Now that things 1) things are not so insane at the office; 2) the writerly month of April and its assorted deadlines is done; and 3) the film treatment Nikki and I put together is finished, I can turn my attention to my writing docket.

In Circulation: 6 (so much for "I very rarely submit")

Declined (sounds better than "Rejected"): 3 (none of them quite painful as I thought)

Works in Progress (WIP): 4

Within the next few weeks, I'll be consciously trying to write longer stories, around 7,500 words or so. Most of my stuff is at the 4000-4500 word range. That is, if the stories will cooperate.

Tuesday, May 04, 2004


I just got a call from one of my sisters, congratulating me on a bit of published writing (in my family, news travels slowly – more precisely, good news travels slowly; unlike bad news which travels with the intensity of a tropical depression). She was so happy for me, so proud of her brother. And I, in my usual fashion, tried to make little of the thing, though of course I was happy she was happy that I was happy. And a little proud. Just a little.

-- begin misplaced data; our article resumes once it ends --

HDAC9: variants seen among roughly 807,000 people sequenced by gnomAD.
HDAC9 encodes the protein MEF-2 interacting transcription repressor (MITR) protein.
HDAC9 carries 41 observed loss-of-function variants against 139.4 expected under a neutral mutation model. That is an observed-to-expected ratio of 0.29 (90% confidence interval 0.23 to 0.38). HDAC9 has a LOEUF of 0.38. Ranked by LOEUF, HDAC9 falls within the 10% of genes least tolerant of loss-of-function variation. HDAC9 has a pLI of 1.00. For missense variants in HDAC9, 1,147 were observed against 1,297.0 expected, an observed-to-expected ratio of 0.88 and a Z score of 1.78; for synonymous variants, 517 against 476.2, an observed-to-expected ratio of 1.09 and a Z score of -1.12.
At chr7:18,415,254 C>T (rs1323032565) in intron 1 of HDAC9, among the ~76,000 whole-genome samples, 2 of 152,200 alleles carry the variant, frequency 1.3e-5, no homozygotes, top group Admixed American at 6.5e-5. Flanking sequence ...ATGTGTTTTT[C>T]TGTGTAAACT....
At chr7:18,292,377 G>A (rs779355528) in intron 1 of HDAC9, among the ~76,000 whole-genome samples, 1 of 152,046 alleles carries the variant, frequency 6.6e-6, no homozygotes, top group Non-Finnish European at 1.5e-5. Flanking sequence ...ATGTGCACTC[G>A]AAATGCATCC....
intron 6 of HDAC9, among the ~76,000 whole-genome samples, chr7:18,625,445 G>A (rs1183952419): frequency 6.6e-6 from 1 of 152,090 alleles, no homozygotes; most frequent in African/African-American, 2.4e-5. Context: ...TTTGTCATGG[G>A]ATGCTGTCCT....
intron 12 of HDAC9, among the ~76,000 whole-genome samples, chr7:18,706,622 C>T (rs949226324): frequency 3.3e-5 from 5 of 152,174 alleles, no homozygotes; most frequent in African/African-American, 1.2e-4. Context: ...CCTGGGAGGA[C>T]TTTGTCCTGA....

I just cannot take praise well. I tend to reject it, to make light of it, to veer the conversation to other less personally intimate topics. In fact, it took my wife to teach me how to give a gracious “thank you” instead of steering talk to other matters.

Yes, part of me is outrageously humble. And why shouldn’t I be? There are hundreds of thousands of better writers, both quick and dead, who are better than me, whose words have touched lives in ways I cannot even begin to speculate upon, who create stories with such skill and craft and passion that it makes my own work so patently contrived.

(And it is an excruciatingly honest humility. I live to learn from better authors; I long to sit at the feet of intelligent critics; I yearn to be involved in discussions with passionate arguments on the nature of stories and craft – I want to soak it up, to be better, to ultimately reach myself wherever myself is, that buried storyteller who tells too few tales.)

And yet – part of me is also absurdly arrogant. And why shouldn’t I be? I have learned how to write in my own manner, painfully exercising the parts of my brain whose muscles empower my imagination, eking out words and phrases and sentences and paragraphs and whole things that I’d choose to read myself (which is different from saying that I write things people would like to read – but then again maybe that’s my outrageous humility talking, who knows?).